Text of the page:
- Matt Thorsen
- Gov. Peter Shumlin delivers his budget address in January 2015
Vermont politicos may have shifted their gaze to the 2016 gubernatorial contest — and the down-ballot races it's set in motion. But for the next 13 months, a familiar figure will continue to preside over state government: Gov. Peter Shumlin.
Precisely how he'll spend his remaining political capital — and navigate his final legislative session — remains to be seen. He could go all in on a few major initiatives, or he could hang back and quietly focus on burnishing his legacy.
"Look, I think that he has a year in which he can get a lot accomplished," says Bill Lofy, Shumlin's former chief of staff. "I think the governor has enormous political skill — and he cares deeply about finishing his last year in office having made a really positive impact on Vermont."
That may be true, but it's not clear whether legislators will fall in line behind Shumlin when they return to the Statehouse next month.
"I think it will be challenging to move forward anything significant this year with the political crosscurrents," says House Speaker Shap Smith (D-Morristown). "I think the challenge really is, when you're leaving office ... do you wield as much authority in that moment?"
Smith should know. Like Shumlin, he plans to retire at the end of next year. The speaker joined the race to replace the governor in August, but he dropped out last month for family health reasons.
With Montpelier's top two Democrats heading for the exits, some political observers say the moment is primed for them to team up to tackle major challenges. Since neither will face the voters again in the near future, the argument goes, they can both afford to take political risks.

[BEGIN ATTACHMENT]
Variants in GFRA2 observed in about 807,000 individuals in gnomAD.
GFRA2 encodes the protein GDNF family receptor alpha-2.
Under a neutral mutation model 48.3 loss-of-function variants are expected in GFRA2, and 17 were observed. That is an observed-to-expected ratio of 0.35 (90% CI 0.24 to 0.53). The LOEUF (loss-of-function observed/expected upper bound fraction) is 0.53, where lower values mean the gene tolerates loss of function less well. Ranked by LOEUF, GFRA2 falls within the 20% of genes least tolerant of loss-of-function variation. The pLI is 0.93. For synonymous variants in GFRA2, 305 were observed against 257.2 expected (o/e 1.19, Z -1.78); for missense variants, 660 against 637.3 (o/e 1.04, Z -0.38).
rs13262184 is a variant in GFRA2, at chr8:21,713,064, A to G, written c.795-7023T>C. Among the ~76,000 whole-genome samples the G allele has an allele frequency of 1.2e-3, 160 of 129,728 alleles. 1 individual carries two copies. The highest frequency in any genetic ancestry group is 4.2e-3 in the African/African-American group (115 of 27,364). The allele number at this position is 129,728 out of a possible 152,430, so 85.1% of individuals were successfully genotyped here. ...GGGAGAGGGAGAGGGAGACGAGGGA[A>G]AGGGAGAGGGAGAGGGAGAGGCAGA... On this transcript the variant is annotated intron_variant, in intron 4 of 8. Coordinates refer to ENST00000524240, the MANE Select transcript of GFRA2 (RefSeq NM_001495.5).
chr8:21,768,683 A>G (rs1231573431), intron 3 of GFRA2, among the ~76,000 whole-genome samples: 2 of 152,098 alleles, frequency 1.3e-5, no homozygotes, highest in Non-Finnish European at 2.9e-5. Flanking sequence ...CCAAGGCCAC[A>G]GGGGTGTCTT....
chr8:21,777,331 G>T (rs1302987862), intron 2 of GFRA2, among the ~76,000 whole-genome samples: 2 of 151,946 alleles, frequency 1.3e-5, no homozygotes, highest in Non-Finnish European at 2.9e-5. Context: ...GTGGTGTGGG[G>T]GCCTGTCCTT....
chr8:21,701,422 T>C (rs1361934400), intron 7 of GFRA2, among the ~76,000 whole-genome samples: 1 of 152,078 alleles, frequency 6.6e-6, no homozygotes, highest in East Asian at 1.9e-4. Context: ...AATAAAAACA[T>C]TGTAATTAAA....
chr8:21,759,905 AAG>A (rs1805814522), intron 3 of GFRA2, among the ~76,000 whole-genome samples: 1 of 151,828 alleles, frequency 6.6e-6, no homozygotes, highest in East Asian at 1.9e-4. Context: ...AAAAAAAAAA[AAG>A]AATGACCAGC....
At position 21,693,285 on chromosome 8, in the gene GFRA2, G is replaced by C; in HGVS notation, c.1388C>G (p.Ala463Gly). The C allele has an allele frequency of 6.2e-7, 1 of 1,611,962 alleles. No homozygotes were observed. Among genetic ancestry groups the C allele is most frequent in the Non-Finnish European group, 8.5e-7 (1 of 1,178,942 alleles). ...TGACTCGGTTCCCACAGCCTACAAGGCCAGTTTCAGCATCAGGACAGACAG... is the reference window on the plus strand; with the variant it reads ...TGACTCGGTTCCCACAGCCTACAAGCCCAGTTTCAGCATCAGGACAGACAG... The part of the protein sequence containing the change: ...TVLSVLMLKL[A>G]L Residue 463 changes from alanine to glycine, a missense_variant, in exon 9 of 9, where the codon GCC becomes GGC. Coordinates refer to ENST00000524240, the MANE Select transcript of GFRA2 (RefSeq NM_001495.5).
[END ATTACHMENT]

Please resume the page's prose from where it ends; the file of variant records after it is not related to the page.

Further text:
"Shumlin could lock arms with Shap Smith on some Democratic priorities and really get them done," says veteran lobbyist Kevin Ellis.
Of course, that ignores the fact that most everybody else under the golden dome faces reelection next fall. And in addition to rare, open races for governor, lieutenant governor and attorney general, legislators will be jockeying to succeed Smith as speaker and snag any committee chairmanships that open up.
Even if Shumlin and Smith wanted to do something big this winter, it's not clear what that big thing would be. In a way, they're victims of their own success. Over the past seven years, the two have checked plenty of items off the Democratic wish list: legalizing gay marriage, closing Vermont Yankee, reimagining the state's health care system, growing its renewable energy industry, raising the minimum wage, permitting physician-assisted suicide, mandating GMO labeling and reforming school governance.